Privacy and data security should be of utmost importance to all of today’s court reporters. For many, the most considerable risk is employing an attitude of “it won’t happen to me.” But it most definitely can. What’s more, court reporters are guardians of the record, and it’s their responsibility to ensure that data remains protected and secure.
The weak link in any data security protection is the human element. As a busy court reporter, it is challenging to stay abreast of all of the latest security trends, potentially opening up opportunities for cybercriminals. However, by following the best practices below, you can take the modern approach to data security to better protect the records you keep.
1. Keep Software and Applications Up to Date
Out of date software is one of the most common entry points for hackers with malicious intentions. During your busy day to day, one of the last things on your mind is updating a piece of software that isn’t vital to your work schedule. However, that lingering update may provide a backdoor key for a cyber thief.
It’s relatively easy to limit the possibility of this happening to you. First, it’s best never to ignore an invitation to update a piece of software. Also, look within your settings to set if you can switch the application to automatic updates so you need not dedicate any time to remember updating it.
2. Use Multiple-Factor Authentication
Most commonly available as two-factor authentication, this is the process whereby your login to a portal or application requires more than just a password. Once you log in, you will then be prompted to enter a constantly changing code that’s either available in an app, sent through a text, delivered via a push notification.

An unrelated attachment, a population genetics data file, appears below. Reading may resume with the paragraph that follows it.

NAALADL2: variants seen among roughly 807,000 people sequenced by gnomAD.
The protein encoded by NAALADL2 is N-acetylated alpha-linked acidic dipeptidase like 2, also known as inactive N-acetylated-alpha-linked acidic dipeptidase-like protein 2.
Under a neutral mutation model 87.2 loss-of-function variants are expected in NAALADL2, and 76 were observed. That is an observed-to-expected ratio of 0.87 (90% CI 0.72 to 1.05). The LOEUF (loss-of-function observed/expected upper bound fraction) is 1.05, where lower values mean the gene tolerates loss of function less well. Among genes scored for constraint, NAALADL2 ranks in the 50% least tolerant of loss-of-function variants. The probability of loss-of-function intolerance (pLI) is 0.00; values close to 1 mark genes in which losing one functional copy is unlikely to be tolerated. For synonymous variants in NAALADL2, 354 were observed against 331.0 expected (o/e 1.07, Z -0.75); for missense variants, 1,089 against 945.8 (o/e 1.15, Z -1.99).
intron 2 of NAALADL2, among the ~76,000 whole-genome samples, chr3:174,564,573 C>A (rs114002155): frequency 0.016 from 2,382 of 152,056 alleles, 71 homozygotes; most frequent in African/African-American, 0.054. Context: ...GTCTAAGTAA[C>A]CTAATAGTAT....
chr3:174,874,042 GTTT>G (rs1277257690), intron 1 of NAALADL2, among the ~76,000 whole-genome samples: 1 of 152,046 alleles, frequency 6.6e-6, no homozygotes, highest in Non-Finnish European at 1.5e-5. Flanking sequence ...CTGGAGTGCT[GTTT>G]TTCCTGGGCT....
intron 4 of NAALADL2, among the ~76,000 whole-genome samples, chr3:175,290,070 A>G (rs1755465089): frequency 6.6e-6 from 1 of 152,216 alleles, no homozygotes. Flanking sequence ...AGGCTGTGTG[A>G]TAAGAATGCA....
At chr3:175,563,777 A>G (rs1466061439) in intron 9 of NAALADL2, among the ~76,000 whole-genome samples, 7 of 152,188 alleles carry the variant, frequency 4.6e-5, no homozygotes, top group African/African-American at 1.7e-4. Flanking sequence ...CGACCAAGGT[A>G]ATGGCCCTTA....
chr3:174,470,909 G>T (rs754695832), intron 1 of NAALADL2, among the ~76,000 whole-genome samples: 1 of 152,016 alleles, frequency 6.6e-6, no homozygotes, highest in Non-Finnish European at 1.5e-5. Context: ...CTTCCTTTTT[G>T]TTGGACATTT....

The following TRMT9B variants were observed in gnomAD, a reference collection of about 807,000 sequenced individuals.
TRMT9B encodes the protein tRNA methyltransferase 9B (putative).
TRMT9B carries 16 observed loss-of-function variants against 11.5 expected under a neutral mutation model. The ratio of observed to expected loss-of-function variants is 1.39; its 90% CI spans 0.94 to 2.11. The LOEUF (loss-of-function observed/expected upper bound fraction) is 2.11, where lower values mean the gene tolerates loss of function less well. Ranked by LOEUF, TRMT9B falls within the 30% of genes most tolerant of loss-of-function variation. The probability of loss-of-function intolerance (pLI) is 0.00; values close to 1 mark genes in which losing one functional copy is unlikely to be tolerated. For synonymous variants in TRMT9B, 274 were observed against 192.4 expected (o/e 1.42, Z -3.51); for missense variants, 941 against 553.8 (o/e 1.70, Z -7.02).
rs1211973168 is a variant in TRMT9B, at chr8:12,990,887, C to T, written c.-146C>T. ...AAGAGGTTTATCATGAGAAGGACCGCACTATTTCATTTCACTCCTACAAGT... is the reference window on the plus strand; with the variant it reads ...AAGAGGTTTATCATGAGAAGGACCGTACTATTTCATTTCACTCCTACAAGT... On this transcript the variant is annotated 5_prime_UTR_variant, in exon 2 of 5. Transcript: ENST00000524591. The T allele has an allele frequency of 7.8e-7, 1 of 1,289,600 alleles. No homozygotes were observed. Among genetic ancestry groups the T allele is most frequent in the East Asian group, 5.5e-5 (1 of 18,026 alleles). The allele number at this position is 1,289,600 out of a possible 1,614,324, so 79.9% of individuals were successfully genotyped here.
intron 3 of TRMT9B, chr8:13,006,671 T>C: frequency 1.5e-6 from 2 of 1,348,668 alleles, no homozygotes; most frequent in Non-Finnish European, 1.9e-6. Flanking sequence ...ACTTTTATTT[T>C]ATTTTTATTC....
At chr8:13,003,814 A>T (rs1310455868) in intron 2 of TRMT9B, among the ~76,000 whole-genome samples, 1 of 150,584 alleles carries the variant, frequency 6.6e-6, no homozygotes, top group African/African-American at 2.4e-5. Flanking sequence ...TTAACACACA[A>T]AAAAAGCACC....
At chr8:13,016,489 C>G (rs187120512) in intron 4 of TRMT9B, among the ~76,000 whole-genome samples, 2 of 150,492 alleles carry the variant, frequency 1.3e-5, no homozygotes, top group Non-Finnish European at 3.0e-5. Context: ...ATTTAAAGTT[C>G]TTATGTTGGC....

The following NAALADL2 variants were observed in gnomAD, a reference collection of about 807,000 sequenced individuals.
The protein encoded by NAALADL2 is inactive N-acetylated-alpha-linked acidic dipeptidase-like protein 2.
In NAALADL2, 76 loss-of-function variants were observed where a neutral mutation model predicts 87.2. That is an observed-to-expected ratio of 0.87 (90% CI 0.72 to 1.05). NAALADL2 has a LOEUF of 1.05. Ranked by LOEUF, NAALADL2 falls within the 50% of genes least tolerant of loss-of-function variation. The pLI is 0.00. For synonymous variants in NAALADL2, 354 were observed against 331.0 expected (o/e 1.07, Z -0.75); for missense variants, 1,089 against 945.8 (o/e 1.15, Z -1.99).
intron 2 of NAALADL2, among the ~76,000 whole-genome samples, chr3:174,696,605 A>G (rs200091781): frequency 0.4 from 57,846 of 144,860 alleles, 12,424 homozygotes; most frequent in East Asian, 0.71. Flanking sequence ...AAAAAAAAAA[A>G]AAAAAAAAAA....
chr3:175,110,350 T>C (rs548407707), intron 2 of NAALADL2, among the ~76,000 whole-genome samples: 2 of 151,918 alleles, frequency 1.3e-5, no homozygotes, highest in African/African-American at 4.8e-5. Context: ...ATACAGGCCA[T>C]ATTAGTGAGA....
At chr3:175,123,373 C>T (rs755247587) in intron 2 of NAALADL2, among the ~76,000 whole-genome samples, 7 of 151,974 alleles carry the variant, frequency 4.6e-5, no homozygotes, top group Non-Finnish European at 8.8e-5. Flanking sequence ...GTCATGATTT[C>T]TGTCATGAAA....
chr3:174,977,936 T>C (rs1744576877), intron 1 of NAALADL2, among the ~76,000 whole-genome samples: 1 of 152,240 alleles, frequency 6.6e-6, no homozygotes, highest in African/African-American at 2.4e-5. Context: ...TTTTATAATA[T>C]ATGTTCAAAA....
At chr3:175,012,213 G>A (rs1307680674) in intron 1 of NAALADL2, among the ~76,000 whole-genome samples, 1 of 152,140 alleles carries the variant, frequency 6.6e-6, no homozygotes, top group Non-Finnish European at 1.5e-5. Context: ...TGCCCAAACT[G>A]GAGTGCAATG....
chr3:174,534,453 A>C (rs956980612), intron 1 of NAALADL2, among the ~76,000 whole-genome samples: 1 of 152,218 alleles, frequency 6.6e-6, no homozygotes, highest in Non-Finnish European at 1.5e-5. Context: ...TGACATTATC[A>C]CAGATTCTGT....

This defense mechanism stops criminals that have either decrypted or found out what your password is since an additional piece of ever-changing information is required to gain access. For ultra-sensitive documentation, you may want to implement three-factor authentication to make security even tighter.
3. Create and Maintain Difficult Passwords
Gone are the days of “password” or “1234” for logging in to portals or secure files stored online. It’s best practice to create a strong password; it could be the difference-maker in a cyber-attack situation. Brute force attacks can easily bypass simple passwords, and therefore you may as well not have one at all.
To best protect yourself, make the password at least 8-12 characters, with a combination of letters, numbers, and special symbols. Never write your password down, and never use just one password for multiple accounts. A password manager is a great way to remember numerous complex passwords if you’ve made your passwords particularly hard.
4. Educate Yourself on How to Spot Phishing Scams
An increasingly common tactic for hackers to gain entry to an individual’s cyberspace is to send a phishing scam via an email or text message. It’s important to always verify the sender of an email by looking at the originating email address, does it match who they say they are? Phishing emails are increasingly looking like legitimate emails from suppliers, clients, and even coworkers. It’s essential to remain vigilant and inspect all links before clicking on them.
Never respond to a request for sensitive details such as password information, bank account details, or private information pertaining to a case. Requests of this nature should always be made through official channels, so an email asking for this information should immediately sound alarm bells.
Take a Proactive Approach to Data Security
Data security has an increasingly important role in everybody’s lives. But as a court reporter, you have an added fiduciary responsibility to protect the record. So data security should be front and center of your mind as you go about your daily activities. By following the steps laid out above and taking additional precautions such as installing anti-virus software and backing up all data, you can make sure that you’ve taken all of the necessary steps to prevent yourself from succumbing to a potentially catastrophic cyber-attack.
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